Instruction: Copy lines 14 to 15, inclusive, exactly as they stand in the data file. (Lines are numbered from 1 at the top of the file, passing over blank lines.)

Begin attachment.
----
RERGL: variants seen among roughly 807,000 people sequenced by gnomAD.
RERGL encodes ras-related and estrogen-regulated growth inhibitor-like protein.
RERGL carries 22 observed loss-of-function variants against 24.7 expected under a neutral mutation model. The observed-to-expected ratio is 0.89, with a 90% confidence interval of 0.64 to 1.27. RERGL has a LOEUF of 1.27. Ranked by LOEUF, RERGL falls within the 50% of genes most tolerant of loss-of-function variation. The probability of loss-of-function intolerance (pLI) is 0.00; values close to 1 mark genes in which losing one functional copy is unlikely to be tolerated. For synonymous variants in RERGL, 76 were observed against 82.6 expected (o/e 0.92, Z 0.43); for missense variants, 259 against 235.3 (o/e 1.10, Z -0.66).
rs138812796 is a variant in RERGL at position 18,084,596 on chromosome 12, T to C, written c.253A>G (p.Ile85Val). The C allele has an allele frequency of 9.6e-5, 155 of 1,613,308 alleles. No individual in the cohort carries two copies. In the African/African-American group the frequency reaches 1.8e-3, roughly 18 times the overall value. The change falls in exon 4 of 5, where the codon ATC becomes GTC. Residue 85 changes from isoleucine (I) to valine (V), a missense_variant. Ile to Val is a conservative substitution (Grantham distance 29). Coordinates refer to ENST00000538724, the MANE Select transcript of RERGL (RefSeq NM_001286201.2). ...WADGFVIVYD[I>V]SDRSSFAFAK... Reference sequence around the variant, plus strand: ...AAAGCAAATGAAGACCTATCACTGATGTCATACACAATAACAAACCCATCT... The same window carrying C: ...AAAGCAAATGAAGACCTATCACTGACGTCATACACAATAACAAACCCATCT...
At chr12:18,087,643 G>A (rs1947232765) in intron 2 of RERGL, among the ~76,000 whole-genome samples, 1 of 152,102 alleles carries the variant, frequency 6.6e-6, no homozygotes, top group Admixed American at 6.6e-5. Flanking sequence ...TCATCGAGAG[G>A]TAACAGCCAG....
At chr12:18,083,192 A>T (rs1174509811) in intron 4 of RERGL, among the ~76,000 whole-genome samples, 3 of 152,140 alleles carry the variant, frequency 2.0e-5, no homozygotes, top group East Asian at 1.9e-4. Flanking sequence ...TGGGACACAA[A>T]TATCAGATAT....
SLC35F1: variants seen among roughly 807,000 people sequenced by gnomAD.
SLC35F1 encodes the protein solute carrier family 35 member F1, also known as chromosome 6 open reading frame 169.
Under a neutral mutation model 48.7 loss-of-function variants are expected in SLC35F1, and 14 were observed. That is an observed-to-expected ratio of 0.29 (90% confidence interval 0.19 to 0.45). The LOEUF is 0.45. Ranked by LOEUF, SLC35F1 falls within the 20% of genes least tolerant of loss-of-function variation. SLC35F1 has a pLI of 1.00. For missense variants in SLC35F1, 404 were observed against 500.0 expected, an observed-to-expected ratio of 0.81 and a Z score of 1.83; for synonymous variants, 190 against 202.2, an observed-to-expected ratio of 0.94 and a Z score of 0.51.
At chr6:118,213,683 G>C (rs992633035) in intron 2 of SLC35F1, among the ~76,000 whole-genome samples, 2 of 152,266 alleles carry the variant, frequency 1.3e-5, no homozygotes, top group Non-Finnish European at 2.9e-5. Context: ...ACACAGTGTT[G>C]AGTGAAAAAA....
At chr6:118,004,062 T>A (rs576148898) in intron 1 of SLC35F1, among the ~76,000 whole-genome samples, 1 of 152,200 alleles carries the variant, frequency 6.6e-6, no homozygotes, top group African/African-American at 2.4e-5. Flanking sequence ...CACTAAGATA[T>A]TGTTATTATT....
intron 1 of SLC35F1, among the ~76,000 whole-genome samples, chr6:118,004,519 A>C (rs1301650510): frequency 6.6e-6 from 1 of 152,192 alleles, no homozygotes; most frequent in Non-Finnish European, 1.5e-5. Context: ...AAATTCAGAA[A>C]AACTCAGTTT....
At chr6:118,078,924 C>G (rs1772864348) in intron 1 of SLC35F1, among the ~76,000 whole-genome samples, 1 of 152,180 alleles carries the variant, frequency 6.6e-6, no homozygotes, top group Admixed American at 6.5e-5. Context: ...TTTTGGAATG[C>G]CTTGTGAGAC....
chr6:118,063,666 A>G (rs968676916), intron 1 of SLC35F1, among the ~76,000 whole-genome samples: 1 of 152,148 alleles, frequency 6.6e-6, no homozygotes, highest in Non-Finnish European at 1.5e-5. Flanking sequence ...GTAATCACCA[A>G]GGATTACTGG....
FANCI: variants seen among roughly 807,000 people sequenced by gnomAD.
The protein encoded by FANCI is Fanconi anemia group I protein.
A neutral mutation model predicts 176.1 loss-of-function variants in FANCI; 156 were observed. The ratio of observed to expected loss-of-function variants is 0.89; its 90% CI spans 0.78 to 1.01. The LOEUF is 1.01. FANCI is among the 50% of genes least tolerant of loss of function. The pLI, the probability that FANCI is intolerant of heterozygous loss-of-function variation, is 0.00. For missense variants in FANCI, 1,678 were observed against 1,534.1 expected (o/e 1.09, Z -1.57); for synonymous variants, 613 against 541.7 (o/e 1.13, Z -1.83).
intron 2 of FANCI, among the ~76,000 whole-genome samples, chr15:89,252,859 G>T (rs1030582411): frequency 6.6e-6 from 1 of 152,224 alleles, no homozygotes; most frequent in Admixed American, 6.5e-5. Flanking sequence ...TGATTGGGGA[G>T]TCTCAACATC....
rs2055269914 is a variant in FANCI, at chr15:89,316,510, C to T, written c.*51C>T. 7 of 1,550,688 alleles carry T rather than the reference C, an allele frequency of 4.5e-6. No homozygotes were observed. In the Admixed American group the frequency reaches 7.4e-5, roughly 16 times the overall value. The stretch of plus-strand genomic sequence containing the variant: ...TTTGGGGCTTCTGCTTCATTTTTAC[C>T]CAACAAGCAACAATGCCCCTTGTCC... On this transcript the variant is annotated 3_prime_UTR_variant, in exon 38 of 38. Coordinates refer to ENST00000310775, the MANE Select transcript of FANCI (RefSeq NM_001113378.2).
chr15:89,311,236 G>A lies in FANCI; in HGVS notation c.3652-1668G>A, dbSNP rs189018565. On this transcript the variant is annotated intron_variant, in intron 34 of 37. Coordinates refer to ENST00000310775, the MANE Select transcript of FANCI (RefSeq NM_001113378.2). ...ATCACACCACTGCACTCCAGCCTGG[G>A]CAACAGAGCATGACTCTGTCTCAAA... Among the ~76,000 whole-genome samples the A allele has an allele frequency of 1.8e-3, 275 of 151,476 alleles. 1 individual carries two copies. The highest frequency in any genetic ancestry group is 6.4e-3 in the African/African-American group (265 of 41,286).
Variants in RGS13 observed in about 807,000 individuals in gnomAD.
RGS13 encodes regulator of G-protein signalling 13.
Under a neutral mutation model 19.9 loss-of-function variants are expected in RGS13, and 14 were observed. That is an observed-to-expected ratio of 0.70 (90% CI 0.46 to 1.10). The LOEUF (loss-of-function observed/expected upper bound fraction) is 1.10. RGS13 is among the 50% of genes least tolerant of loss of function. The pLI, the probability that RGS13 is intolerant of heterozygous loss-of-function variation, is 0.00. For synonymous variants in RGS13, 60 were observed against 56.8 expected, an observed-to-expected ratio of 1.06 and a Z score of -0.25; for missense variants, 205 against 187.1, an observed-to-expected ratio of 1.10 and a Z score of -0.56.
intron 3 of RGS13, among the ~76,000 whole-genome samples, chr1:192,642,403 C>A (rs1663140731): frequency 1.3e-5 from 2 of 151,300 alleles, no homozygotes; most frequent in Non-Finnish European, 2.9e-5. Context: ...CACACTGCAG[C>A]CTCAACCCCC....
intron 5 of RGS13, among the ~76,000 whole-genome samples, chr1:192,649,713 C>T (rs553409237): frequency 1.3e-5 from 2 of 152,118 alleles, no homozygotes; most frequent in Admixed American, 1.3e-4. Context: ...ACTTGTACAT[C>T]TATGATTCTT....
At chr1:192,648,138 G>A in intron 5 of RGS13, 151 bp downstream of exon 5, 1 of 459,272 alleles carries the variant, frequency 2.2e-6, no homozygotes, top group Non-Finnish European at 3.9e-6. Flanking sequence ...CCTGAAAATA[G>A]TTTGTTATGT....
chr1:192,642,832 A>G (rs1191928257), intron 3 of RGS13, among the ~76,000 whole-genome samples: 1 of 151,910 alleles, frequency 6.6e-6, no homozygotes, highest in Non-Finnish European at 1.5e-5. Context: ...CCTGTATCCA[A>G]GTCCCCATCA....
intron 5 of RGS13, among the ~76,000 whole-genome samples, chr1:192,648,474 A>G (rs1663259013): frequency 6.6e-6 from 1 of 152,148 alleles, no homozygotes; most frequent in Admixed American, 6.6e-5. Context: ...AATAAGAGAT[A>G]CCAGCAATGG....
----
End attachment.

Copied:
chr6:118,063,666 A>G (rs968676916), intron 1 of SLC35F1, among the ~76,000 whole-genome samples: 1 of 152,148 alleles, frequency 6.6e-6, no homozygotes, highest in Non-Finnish European at 1.5e-5. Flanking sequence ...GTAATCACCA[A>G]GGATTACTGG....
FANCI: variants seen among roughly 807,000 people sequenced by gnomAD.